Department of Energy and Climate Change Announcements

    The period when politicians have their summer break is commonly known as “Silly Season” due to the lack of newsworthy stories reported by the press. In the renewable energy sector, the run up to parliament’s recess could be hailed as silly season because of the volume of policy updates that are issued, many of which have an impact both north and south of the border...

    This July, potential developers had to keep an eye on a number of announcements from the Department of Energy and Climate Change (DECC) and the Scottish Government. These included the anticipated reduction in Renewable Obligations Certificates (the support mechanism for large-scale renewable energy installations) and the results of the Feed in Tariff (FiT) consultation, which saw rates almost universally held at current levels or reduced.

    These reductions brought into focus the importance of robust project models to ensure that proposals remain financially viable. Of course businesses must understand the financial elements of a project, but they must also have a realistic timeline for each phase of development, including pre-planning, planning, procurement and grid connection. Without all these elements, making an informed decision on whether to proceed is nigh on impossible.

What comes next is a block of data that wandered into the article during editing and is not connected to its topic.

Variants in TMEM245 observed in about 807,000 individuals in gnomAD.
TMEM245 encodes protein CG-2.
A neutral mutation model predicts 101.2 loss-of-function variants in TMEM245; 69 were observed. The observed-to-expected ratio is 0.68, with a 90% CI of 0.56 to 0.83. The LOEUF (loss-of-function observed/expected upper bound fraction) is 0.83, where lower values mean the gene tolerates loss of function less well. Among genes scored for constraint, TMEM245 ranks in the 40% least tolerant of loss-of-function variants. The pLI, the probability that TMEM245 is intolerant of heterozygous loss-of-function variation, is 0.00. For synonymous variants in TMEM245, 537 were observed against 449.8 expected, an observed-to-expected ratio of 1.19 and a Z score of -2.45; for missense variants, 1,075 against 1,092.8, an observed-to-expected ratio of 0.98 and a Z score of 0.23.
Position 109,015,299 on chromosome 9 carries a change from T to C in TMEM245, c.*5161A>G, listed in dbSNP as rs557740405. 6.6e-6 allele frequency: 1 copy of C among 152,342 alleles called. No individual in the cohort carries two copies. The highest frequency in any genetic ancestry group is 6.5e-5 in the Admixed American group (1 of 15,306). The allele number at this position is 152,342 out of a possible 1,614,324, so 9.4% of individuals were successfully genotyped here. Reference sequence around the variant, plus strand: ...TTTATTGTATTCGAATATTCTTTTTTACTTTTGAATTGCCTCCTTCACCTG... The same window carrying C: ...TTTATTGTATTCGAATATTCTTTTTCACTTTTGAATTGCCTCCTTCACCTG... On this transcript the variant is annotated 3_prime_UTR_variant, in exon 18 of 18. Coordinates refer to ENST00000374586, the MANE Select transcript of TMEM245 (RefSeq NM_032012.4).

FiT rates are set to drop over time as more projects come on stream, so it is critical that businesses calculate not only what returns are likely to be if the project went live now, but also what rates are likely to prevail if and when their project is commissioned.

    It can take many months or even years to develop a project to full commissioning – and it is a competitive market. The following table illustrates the number of installations currently registered for FiTs (source: OFGEM), as well as the number of eligible installations still in the planning system (source: DECC).

    View the rates table.

    To avoid missing out on higher FiT rates, businesses can now lock into current tariffs under the new preliminary accreditation scheme. From 1 December, eligible projects can lock into the FiT for up to two years (six months for solar), giving them a valuable period of certainty while procurement and funding arrangements are finalised.

    With the government recess now over, we can expect even more announcements from DECC to consider. However, a well thought-out project with financial budgets and a project timeline in place will be better placed to react quickly for optimum success.


    Key contacts

    Nick Green

    Nick Green

    Energy & Infrastructure

    Savills Perth

    +44 (0) 1738 477 518

    +44 (0) 1738 477 518